Leading Article: Our numbers are up yet again

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The Independent Online
IT IS JUST progress, really. Not much point in protesting, even though it is costing millions. Yet people will surely grumble about the new telephone area codes now running parallel with the old ones until they take over next April.

Regional loyalties have precious few badges of identity to cling to. Shops and pubs are much the same everywhere. Television programmes vary only slightly. The frontiers of local government seem to change at the whim of distant authority. Postal codes rule. Telephone exchanges with names are a distant memory. But area codes are their vestigial remains, fragile clues to names that can be discovered only by diligent research. Putting '1' before them will not destroy them but push them deeper into digital anonymity.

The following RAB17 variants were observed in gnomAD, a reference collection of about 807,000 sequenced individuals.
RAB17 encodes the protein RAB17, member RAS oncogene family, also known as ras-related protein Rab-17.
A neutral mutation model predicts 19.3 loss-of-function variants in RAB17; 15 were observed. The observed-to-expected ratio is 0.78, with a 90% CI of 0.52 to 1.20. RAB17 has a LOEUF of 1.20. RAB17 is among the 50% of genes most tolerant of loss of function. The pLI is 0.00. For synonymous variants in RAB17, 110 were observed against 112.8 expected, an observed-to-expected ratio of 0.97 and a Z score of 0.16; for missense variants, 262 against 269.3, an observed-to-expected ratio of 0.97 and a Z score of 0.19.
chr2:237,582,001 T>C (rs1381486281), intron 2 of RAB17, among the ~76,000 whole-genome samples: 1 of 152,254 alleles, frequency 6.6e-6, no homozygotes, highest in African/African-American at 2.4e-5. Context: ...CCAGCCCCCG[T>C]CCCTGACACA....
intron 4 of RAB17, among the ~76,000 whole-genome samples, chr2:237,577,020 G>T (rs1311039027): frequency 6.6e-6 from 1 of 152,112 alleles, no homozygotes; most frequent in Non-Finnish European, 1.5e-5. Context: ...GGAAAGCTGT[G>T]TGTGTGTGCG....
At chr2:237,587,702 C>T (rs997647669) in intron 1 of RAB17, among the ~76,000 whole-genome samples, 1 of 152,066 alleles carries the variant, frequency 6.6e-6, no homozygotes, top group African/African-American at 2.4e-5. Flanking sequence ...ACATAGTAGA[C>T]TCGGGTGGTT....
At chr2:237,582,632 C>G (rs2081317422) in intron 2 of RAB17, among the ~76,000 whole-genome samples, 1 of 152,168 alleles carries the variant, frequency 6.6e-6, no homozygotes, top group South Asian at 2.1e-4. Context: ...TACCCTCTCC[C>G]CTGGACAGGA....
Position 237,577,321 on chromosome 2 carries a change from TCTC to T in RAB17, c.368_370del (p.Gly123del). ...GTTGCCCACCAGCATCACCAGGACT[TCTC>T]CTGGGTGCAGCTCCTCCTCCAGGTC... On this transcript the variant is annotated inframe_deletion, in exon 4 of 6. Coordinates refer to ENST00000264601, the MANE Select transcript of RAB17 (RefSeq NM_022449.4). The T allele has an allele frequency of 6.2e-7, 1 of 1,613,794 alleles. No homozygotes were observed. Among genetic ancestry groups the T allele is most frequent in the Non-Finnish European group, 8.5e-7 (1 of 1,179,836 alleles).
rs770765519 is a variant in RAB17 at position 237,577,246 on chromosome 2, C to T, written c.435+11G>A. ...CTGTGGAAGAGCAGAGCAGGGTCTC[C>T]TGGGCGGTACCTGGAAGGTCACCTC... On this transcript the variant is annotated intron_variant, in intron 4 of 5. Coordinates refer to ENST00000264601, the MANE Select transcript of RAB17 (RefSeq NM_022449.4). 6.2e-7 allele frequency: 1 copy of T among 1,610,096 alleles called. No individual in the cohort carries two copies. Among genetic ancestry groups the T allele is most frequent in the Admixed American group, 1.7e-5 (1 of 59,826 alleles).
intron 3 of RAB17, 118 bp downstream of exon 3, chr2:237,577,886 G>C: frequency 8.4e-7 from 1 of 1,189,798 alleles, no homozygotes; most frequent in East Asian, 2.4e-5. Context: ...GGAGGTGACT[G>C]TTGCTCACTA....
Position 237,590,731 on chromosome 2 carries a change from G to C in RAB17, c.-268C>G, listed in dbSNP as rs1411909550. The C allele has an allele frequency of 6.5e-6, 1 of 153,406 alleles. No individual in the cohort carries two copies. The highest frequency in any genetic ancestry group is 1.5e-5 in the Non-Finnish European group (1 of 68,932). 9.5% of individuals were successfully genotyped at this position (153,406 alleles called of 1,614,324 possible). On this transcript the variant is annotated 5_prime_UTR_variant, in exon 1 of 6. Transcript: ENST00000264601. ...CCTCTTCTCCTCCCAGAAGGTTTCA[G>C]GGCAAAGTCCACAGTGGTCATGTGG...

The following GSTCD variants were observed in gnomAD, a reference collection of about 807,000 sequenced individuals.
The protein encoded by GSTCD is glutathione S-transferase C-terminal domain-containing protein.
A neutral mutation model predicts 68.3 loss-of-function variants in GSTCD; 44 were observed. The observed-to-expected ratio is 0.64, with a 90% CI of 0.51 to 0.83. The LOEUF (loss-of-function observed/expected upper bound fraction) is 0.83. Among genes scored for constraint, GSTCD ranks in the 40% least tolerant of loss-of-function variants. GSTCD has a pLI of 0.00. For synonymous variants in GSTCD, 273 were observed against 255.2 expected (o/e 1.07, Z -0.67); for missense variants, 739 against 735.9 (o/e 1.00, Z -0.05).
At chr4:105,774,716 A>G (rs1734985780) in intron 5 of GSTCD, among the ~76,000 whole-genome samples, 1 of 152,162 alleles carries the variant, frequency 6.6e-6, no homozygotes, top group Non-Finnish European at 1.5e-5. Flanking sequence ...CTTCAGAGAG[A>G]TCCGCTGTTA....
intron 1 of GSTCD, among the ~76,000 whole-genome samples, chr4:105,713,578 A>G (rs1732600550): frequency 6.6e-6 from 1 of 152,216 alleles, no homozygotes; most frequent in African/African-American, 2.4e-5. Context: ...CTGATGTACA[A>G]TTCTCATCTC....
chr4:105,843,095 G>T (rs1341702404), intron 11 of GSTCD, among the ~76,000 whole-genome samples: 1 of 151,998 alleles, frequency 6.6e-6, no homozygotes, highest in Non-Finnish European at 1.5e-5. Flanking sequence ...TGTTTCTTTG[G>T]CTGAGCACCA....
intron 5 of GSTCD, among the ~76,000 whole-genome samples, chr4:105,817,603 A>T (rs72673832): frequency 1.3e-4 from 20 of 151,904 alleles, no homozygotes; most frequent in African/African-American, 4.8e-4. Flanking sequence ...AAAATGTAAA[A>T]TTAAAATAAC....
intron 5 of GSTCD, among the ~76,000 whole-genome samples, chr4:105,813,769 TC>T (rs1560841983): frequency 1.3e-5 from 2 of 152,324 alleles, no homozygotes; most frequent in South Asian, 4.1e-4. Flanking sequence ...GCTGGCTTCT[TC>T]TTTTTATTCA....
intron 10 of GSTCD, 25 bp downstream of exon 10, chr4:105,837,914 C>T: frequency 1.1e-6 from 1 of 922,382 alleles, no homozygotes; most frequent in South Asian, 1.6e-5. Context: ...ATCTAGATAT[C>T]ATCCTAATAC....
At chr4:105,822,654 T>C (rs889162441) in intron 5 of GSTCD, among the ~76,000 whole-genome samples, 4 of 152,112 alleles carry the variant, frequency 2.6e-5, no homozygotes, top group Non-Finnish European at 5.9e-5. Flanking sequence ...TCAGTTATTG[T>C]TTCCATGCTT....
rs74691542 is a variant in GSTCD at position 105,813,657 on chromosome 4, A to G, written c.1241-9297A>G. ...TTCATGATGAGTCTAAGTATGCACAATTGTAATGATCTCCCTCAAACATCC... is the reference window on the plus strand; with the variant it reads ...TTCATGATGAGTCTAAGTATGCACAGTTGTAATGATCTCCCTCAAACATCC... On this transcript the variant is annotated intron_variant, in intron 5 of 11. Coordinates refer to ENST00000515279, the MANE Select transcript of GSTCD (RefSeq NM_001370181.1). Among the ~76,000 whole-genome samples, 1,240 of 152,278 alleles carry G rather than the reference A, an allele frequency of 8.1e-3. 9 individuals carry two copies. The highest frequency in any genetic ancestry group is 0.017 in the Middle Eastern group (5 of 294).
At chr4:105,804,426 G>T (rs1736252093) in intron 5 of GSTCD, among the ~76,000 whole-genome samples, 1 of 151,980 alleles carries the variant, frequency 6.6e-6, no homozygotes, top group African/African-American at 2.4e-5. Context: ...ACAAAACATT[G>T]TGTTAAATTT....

The main reason for the change is not that the country is running out of numbers but that it needs more codes for the new services and phone companies that have proliferated since deregulation. Some of the consumers' savings from competition must now be clawed back to pay for wider infrastructure.

There are different ways of going about these things. The wily French announced the abolition of area codes but merely joined them to local numbers, making the dialling of local calls more cumbersome in the name of rationality. The Americans, who are also about to expand their codes, retain letters alongside figures on their dials, largely for the benefit of commercial enterprises wanting numbers that can be memorised as words. Thus C-H-I-C-K-E-N might connect to a takeaway. Less fortunately, an American politician discovered that his toll-free number spelt out H-E-'S-N-U-T-S.

The idea could work in Britain, although it would mean adding tiny stickers to existing phones. Phone companies could then coin money by selling personalised numbers, like car licence plates, for premium fees. But, while the rich would have memorable numbers, the rest of us would continue to flounder in the rising tide of unmemorable digits.

That is the real pain of longer numbers - their forgettability. We are promised stability for many years after this change but no one will believe it. Even when, as predicted, we are all allotted telephone numbers at birth, bringing the final demise of area codes, the digits will surely continue to multiply.